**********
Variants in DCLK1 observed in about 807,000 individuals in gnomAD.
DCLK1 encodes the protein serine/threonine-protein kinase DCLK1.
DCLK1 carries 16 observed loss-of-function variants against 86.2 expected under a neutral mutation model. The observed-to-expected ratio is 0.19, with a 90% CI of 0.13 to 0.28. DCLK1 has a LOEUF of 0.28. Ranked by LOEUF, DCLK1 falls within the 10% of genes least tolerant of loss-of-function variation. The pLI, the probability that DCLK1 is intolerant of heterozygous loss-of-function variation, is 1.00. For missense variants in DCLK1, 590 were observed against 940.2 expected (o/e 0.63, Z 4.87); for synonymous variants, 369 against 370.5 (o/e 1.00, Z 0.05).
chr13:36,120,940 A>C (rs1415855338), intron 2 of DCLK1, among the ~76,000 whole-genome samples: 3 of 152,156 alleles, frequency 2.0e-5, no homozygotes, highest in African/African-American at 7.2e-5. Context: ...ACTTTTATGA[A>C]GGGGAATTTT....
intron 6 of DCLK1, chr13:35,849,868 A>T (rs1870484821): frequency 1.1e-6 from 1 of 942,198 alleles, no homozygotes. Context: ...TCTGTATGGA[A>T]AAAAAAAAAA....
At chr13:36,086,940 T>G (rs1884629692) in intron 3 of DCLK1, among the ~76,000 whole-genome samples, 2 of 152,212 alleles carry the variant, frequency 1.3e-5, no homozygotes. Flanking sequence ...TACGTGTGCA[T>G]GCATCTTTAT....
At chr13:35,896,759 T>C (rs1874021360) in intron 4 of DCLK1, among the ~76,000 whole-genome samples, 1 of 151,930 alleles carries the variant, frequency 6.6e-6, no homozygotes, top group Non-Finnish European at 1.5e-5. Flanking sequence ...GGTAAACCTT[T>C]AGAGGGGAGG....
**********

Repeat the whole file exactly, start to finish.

Variants in DCLK1 observed in about 807,000 individuals in gnomAD.
DCLK1 encodes the protein serine/threonine-protein kinase DCLK1.
DCLK1 carries 16 observed loss-of-function variants against 86.2 expected under a neutral mutation model. The observed-to-expected ratio is 0.19, with a 90% CI of 0.13 to 0.28. DCLK1 has a LOEUF of 0.28. Ranked by LOEUF, DCLK1 falls within the 10% of genes least tolerant of loss-of-function variation. The pLI, the probability that DCLK1 is intolerant of heterozygous loss-of-function variation, is 1.00. For missense variants in DCLK1, 590 were observed against 940.2 expected (o/e 0.63, Z 4.87); for synonymous variants, 369 against 370.5 (o/e 1.00, Z 0.05).
chr13:36,120,940 A>C (rs1415855338), intron 2 of DCLK1, among the ~76,000 whole-genome samples: 3 of 152,156 alleles, frequency 2.0e-5, no homozygotes, highest in African/African-American at 7.2e-5. Context: ...ACTTTTATGA[A>C]GGGGAATTTT....
intron 6 of DCLK1, chr13:35,849,868 A>T (rs1870484821): frequency 1.1e-6 from 1 of 942,198 alleles, no homozygotes. Context: ...TCTGTATGGA[A>T]AAAAAAAAAA....
At chr13:36,086,940 T>G (rs1884629692) in intron 3 of DCLK1, among the ~76,000 whole-genome samples, 2 of 152,212 alleles carry the variant, frequency 1.3e-5, no homozygotes. Flanking sequence ...TACGTGTGCA[T>G]GCATCTTTAT....
At chr13:35,896,759 T>C (rs1874021360) in intron 4 of DCLK1, among the ~76,000 whole-genome samples, 1 of 151,930 alleles carries the variant, frequency 6.6e-6, no homozygotes, top group Non-Finnish European at 1.5e-5. Flanking sequence ...GGTAAACCTT[T>C]AGAGGGGAGG....